When mega-store amazon.com revealed its true opinion of gay literature by stuffing all of us into the adult book category (read: erotica), I was not surprised. What did surprise me was the shock wave that went through our community. It wasn’t news that what we write is viewed as only sexual in content any more than it’s not news that lesbians and gay men are seen through the filter of our sexuality.

I learned this lesson over and over when I tried to work with and learn from non-gay writers. At a seminar given by a respected editor and writer, I presented a feature article about an artist. When it came time to critique it, I was advised to emphasize the artist’s bisexuality and the conflict between her prior marriage to a man with her current preference for women. That was the story to the teachers and students, not her art, not her accomplishments, just her sex life. In reality, she had no conflict; in their heterosexual eyes, there had to be one.

Then there were the writing classes I took at the local community college. The teacher was a mainstream writer with many works of fiction and movie scripts to his credit. He was not an unsophisticated man. I was one of two lesbians in the class, both of us published. This non-gay teacher could not refer to our work without calling it erotica and harking back to the days when he supported his family by writing pornographic stories. If I did write porn, maybe I could support my family too.

And always, the straight friends and acquaintances who’ve told me I could be doing so much more with my writing; who, with concerned kindness, suggest that I write about regular people.

How could anyone be surprised by what amazon.com did. Just reading the headlines should tip us off that fear of gays is alive and well.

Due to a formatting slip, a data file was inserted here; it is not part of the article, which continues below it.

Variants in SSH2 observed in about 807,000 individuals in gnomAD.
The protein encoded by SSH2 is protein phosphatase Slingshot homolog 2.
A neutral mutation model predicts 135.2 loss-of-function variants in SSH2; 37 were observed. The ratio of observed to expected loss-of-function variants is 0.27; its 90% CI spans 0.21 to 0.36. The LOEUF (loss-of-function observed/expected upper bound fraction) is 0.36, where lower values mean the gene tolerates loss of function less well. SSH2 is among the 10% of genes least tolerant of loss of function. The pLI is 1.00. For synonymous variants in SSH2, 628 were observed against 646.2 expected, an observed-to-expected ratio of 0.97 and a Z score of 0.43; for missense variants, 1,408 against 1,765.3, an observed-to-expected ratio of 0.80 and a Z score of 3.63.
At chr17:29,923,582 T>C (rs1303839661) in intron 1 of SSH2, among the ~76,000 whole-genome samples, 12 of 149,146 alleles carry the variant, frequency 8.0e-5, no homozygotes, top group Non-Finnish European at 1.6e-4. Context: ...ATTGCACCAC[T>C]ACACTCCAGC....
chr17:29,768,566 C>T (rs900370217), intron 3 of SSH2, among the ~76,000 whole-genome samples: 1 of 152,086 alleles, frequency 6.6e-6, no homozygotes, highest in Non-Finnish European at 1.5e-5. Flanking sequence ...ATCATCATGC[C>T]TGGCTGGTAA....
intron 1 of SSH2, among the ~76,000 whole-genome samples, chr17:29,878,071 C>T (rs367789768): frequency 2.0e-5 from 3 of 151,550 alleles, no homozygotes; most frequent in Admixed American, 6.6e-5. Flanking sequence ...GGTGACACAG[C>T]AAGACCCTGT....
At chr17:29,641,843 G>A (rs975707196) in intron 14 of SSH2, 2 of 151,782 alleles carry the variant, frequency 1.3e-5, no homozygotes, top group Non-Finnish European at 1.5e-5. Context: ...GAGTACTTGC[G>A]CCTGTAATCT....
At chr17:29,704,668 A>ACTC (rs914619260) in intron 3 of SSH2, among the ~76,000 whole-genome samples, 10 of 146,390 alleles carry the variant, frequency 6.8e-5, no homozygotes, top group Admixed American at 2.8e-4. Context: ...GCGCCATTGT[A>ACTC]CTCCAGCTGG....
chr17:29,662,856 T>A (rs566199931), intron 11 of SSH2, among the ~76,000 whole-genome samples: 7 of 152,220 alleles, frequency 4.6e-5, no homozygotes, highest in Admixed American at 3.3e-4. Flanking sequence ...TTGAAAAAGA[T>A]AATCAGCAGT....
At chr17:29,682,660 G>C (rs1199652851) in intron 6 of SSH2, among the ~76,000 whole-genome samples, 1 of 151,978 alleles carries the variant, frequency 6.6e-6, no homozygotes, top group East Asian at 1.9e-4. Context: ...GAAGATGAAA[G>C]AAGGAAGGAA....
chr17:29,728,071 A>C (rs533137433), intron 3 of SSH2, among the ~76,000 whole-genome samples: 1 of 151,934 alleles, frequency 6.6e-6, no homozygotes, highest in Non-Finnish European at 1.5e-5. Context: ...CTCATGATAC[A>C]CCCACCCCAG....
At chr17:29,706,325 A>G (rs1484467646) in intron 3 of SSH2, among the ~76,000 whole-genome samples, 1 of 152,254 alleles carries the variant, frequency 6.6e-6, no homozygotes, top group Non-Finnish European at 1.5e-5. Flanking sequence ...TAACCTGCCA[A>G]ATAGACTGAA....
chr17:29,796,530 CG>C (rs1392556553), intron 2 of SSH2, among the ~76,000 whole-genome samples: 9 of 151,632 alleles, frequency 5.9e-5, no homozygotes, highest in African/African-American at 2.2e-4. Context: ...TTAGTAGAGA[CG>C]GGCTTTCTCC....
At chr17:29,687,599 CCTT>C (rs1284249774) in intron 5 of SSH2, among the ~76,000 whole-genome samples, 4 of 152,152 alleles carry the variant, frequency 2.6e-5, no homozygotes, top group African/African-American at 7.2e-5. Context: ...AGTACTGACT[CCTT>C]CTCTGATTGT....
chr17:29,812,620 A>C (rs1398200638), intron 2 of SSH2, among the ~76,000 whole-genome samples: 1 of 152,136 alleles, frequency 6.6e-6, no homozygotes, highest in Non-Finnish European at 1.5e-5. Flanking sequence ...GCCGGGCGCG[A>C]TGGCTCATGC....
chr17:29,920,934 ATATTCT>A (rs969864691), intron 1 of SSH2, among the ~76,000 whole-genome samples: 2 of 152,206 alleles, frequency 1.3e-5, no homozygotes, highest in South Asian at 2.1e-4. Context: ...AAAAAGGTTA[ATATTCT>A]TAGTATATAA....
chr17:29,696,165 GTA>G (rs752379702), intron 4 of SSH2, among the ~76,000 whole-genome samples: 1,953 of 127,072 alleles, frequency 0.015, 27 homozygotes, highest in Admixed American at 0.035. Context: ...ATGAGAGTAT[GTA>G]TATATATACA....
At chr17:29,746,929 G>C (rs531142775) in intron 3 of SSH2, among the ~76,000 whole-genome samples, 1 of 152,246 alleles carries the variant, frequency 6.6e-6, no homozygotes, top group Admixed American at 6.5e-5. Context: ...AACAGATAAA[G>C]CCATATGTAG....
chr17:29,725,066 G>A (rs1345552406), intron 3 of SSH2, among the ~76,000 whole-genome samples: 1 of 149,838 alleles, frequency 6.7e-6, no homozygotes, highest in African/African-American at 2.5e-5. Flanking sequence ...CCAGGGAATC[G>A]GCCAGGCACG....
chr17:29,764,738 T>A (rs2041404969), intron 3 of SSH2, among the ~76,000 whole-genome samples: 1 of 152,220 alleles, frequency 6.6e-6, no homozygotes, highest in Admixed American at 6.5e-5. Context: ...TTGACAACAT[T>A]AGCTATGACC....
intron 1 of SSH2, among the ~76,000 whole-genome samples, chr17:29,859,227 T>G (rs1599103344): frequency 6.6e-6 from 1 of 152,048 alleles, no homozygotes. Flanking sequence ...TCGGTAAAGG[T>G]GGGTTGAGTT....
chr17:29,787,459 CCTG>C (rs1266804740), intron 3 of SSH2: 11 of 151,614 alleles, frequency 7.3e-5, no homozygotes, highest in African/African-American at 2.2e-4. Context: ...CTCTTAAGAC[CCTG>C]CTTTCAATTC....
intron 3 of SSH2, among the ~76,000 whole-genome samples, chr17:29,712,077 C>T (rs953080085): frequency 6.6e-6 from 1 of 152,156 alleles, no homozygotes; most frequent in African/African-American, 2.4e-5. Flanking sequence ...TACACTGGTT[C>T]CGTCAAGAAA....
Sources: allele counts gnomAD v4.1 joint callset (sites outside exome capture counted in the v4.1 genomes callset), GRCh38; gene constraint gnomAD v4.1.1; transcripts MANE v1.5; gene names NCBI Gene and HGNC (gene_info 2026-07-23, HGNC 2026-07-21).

“Hateful Bigotry” is the title of an editorial in the Alaska Daily News. It criticizes Governor Sarah Palin’s choice for attorney general, Wayne Anthony Ross. It appears that Mr. Ross is willing to swallow his very conservative personal feelings about a number of issues, but not about us. He calls us “degenerates.” This may just get him into the top legal job in the state.

Then there is the homo-cide happening in the name of government and religion. Posters around a slum in Baghdad threaten, “We will punish you, perverts.” Anti-gay groups in Iraq are credited with murdering six gay men and leaving the word pervert on their chests. On Top Magazine reported that anti-gay feeling is fostered by clerics and possibly by the Iraqi government through newspapers and television.

Back in the states, “Death by Bullying” was the headline when 11 year-old Carl Joseph Walker-Hoover hanged himself in April. His mother said he was bullied at school by classmates who told him he acted like a girl and was gay. Despite his mother’s complaints to the school, the child was not adequately protected or defended. Two years ago, in Ohio, Eric Mohat, 17, shot himself to end the taunts of "gay," "fag," "queer" and "homo." His parents are bringing suit against his school.

The good news is that we the gay people have demonstrated that we recognize the slurs. Once we accepted discrimination as a matter of course. We wrote ourselves off as all the negative words non-gays, and sometimes closeted gays, flung at us. This time, we didn’t look the other way when an invisible hand at amazon.com tried to erase us. We tweeted, we Facebooked, we texted and made calls to one another, the offending company, our legislators, our newspapers. And those of us who dared, even confronted the bullies with our appropriate, constructive, healthy anger.

At last we are being listened to (as if amazon.com could ignore our outcry). There are no losers in all this. A lot of people have learned something. My hope is that non-gays are more aware of the brutality of prejudice and, whether that prejudice is trumpeted for fun or profit or votes, it will no longer be tolerated. For this queer person, it’s important to remember that, despite the recent rash of marriage and civil union victories, there’s a lot more work to be done. Maybe, as each of us, in her/his own way, stands up and protests, we have found the best method to both teach – and learn – acceptance.

[Editor's Note: Lee Lynch is the author of over 12 books. Her latest, Sweet Creek, is a bittersweet love story. You can reach Lynch at LeeLynch@ontopmag.com]

Copyright Lee Lynch 2009